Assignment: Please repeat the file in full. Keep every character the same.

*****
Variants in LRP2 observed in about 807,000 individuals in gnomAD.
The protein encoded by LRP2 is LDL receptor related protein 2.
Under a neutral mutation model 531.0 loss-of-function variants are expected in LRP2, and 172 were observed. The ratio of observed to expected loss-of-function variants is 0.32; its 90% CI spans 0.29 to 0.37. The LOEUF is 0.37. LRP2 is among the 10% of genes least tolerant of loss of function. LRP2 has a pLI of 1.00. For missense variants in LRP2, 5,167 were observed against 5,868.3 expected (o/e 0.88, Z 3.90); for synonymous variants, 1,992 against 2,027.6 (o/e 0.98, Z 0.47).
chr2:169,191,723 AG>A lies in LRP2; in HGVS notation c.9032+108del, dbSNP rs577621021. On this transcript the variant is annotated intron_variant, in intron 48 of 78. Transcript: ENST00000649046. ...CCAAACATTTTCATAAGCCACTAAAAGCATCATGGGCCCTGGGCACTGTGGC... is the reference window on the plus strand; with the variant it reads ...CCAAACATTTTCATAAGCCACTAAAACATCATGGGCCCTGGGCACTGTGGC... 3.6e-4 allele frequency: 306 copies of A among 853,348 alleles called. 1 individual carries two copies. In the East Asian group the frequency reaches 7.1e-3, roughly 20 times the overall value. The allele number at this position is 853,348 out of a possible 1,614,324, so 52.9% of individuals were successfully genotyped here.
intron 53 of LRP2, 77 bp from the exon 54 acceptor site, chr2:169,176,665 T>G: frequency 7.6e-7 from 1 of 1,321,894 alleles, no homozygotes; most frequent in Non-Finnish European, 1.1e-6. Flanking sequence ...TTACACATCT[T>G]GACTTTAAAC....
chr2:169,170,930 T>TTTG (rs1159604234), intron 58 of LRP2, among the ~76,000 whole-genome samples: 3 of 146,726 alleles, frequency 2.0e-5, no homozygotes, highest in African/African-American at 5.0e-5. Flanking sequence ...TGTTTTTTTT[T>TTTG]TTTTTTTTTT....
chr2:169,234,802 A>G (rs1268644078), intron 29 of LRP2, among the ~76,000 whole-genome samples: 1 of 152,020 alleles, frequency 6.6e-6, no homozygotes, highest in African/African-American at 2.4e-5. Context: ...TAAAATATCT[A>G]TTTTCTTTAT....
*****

Variants in LRP2 observed in about 807,000 individuals in gnomAD.
The protein encoded by LRP2 is LDL receptor related protein 2.
Under a neutral mutation model 531.0 loss-of-function variants are expected in LRP2, and 172 were observed. The ratio of observed to expected loss-of-function variants is 0.32; its 90% CI spans 0.29 to 0.37. The LOEUF is 0.37. LRP2 is among the 10% of genes least tolerant of loss of function. LRP2 has a pLI of 1.00. For missense variants in LRP2, 5,167 were observed against 5,868.3 expected (o/e 0.88, Z 3.90); for synonymous variants, 1,992 against 2,027.6 (o/e 0.98, Z 0.47).
chr2:169,191,723 AG>A lies in LRP2; in HGVS notation c.9032+108del, dbSNP rs577621021. On this transcript the variant is annotated intron_variant, in intron 48 of 78. Transcript: ENST00000649046. ...CCAAACATTTTCATAAGCCACTAAAAGCATCATGGGCCCTGGGCACTGTGGC... is the reference window on the plus strand; with the variant it reads ...CCAAACATTTTCATAAGCCACTAAAACATCATGGGCCCTGGGCACTGTGGC... 3.6e-4 allele frequency: 306 copies of A among 853,348 alleles called. 1 individual carries two copies. In the East Asian group the frequency reaches 7.1e-3, roughly 20 times the overall value. The allele number at this position is 853,348 out of a possible 1,614,324, so 52.9% of individuals were successfully genotyped here.
intron 53 of LRP2, 77 bp from the exon 54 acceptor site, chr2:169,176,665 T>G: frequency 7.6e-7 from 1 of 1,321,894 alleles, no homozygotes; most frequent in Non-Finnish European, 1.1e-6. Flanking sequence ...TTACACATCT[T>G]GACTTTAAAC....
chr2:169,170,930 T>TTTG (rs1159604234), intron 58 of LRP2, among the ~76,000 whole-genome samples: 3 of 146,726 alleles, frequency 2.0e-5, no homozygotes, highest in African/African-American at 5.0e-5. Flanking sequence ...TGTTTTTTTT[T>TTTG]TTTTTTTTTT....
chr2:169,234,802 A>G (rs1268644078), intron 29 of LRP2, among the ~76,000 whole-genome samples: 1 of 152,020 alleles, frequency 6.6e-6, no homozygotes, highest in African/African-American at 2.4e-5. Context: ...TAAAATATCT[A>G]TTTTCTTTAT....